The Hoduran company providing a large portion of the dam’s funding has been accused of corruption and fraud, furthering instability in the region and driving migration.
Biden’s 2022 budget proposal calls for more than $36 billion to fight climate change, including $10 billion for clean energy innovation, $1.4 billion for environmental justice initiatives, and $1.2 billion to help developing countries lower their emissions and adapt to climate change.
The president’s infrastructure package also contains a large amount of green energy spending, but Republicans are looking to slash it by over $150 billion dollars. With coal-friendly Sen. Joe Manchin as the likely 50th vote for any bill passed through budget reconciliation (as well as the chair of the Senate Energy Committee), the future of any green energy legislation is up in the air for now.
The Biden administration is defending a Trump-era oil drilling project in Alaska, despite pledging to replace fossil fuels with renewable energy and cut United States emissions about in half by 2030. The so-called Willow project would produce more than 100,000 barrels of oil a day for the next 30 years, creating nearly 260 million metric tons of carbon dioxide emissions. ConocoPhillips obtained approval for drilling last year; environmental groups sued to block the project, arguing the federal government did not take into account the impact on local wildlife and on global warming:
The 23-million-acre Reserve is recognized as a globally important ecological resource. It is home to a diversity of species, including caribou, polar bears, brown bears, muskoxen, and millions of migratory birds, among many other species… The Project will disturb wildlife, destroy wetlands, and permanently alter rural lifestyles and traditional cultural practices dependent on food resources like fish and caribou. The Project will further imperil polar bears that are already threatened from climate change and the expansion of oil and gas development in the Arctic. And the Project’s enormous greenhouse gas emissions are inconsistent with the urgent need to transition away from fossil fuels. Developing a massive new Arctic oil formation is a threat to the global climate and an already dramatically warming Arctic region. [PDF]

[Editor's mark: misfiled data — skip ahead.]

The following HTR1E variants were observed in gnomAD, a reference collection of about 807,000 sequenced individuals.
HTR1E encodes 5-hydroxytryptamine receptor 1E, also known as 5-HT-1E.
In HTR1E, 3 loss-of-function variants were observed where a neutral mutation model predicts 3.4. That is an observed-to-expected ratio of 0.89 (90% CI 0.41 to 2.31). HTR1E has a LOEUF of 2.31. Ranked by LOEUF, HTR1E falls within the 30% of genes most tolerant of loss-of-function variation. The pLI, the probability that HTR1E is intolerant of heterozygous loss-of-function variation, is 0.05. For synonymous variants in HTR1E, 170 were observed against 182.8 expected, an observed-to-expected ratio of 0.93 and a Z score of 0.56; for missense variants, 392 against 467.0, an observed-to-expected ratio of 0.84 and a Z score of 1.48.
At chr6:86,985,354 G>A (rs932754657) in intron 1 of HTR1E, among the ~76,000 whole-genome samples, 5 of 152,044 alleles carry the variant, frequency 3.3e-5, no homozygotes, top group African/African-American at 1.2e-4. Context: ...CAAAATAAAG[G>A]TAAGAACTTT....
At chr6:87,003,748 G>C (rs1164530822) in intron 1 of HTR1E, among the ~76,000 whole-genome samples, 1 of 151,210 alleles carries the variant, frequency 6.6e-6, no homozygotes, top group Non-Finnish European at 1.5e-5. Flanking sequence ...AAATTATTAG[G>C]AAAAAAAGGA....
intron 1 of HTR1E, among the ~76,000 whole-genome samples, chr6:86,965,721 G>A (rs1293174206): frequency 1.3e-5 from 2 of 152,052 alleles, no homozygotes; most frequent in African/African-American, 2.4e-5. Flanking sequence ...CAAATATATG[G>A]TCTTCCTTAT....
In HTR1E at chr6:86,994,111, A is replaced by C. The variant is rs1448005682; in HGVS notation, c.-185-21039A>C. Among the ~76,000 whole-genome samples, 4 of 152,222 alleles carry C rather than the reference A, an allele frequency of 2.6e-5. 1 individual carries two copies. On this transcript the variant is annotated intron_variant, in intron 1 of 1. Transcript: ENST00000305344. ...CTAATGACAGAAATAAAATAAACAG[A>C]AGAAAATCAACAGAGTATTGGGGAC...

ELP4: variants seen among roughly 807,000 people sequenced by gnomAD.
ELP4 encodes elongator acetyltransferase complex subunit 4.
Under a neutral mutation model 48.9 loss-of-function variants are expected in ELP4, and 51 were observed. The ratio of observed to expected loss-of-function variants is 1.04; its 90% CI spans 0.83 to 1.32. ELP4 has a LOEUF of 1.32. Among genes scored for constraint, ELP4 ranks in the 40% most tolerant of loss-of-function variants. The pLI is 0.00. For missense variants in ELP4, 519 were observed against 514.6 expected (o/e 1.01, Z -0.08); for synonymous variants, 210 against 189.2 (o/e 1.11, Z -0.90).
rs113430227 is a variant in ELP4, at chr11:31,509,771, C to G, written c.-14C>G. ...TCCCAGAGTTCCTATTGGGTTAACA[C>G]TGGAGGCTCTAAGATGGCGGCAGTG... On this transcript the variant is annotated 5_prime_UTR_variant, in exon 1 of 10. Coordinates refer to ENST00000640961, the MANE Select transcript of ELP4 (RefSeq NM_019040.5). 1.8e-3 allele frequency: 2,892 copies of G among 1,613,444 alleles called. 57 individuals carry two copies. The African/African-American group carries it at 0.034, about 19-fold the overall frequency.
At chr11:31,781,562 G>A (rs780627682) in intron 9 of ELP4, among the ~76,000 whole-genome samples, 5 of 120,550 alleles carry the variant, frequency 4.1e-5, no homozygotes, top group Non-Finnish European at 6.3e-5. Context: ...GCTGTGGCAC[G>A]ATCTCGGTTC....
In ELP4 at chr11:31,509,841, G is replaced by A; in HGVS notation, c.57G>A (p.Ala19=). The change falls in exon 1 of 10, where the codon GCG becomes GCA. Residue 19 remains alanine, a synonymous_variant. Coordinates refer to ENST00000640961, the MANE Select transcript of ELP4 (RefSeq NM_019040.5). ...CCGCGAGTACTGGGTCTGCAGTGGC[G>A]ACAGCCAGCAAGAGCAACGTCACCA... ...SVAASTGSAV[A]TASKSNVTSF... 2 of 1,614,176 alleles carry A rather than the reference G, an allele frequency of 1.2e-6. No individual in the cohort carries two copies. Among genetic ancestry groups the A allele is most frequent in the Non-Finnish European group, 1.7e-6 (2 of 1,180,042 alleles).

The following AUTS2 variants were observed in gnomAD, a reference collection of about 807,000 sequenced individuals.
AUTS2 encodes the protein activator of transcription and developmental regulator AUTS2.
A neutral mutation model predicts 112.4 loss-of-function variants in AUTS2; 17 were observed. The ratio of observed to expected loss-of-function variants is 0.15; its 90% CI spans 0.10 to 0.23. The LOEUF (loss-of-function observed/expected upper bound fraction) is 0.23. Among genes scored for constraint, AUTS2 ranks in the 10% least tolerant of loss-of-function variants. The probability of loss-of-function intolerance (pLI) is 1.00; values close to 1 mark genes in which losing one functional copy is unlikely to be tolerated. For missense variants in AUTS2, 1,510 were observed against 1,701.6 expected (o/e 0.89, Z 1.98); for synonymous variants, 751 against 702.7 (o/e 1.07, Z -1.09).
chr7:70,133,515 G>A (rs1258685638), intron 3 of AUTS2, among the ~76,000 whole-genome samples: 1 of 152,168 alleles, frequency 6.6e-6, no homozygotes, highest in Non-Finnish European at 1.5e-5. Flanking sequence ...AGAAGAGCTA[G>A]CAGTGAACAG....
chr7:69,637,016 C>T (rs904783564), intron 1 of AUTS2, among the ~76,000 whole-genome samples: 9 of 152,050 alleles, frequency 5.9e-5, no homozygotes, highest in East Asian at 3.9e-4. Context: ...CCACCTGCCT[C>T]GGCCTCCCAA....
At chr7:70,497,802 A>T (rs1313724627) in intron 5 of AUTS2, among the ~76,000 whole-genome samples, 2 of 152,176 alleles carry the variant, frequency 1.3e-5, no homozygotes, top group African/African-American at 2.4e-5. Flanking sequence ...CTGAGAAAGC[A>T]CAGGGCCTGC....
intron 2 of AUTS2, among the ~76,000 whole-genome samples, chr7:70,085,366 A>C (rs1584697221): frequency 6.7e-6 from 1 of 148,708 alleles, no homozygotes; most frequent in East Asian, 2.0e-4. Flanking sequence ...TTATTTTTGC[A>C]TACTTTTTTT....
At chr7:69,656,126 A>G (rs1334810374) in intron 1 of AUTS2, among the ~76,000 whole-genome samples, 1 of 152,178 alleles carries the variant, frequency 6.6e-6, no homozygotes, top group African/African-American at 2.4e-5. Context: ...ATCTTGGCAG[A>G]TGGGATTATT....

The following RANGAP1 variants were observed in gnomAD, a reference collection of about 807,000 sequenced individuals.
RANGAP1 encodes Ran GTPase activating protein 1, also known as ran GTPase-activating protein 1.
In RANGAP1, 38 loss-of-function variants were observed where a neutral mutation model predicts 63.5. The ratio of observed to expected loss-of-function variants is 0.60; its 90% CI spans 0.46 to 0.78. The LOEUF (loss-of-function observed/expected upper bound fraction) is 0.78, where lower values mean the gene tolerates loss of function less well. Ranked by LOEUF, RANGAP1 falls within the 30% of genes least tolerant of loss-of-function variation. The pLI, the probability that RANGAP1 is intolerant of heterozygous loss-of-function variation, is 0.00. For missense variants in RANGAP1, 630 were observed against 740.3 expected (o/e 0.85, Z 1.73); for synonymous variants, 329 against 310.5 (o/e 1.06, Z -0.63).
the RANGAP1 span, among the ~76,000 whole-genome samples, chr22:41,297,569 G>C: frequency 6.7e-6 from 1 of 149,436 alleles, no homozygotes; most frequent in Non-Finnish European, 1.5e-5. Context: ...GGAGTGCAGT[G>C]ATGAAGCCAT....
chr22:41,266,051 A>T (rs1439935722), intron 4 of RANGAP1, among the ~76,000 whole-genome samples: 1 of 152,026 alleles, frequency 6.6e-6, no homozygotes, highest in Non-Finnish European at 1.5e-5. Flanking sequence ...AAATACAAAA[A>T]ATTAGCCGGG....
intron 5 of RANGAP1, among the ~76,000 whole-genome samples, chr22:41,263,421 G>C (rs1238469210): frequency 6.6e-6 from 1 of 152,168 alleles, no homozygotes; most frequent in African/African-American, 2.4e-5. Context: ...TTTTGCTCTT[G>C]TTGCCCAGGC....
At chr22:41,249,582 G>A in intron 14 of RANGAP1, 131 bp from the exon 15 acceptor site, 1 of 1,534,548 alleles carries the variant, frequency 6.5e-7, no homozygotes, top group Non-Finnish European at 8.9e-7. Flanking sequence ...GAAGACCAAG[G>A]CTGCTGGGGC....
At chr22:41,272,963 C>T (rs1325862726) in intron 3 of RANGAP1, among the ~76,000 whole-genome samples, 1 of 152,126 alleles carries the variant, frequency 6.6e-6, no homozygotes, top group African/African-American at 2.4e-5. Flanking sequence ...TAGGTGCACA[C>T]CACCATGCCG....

In its court filing on Wednesday, the federal government argued that the agency conducted a valid analysis of the impacts of drilling, explored alternatives, and ultimately followed the law in reaching a leasing deal with Conoco.
The [U.S. Army Corps of Engineers] issued a Section 404 permit to Conoco following the Corps’ proper determination under the Section 404(b)(1) Guidelines that (1) the Project will not cause or contribute to significant degradation of waters of the United States; (2) the discharge is the least environmentally damaging practicable alternative; and (3) appropriate and practicable steps were taken to minimize potential adverse impacts of the discharge on the aquatic ecosystem. [PDF]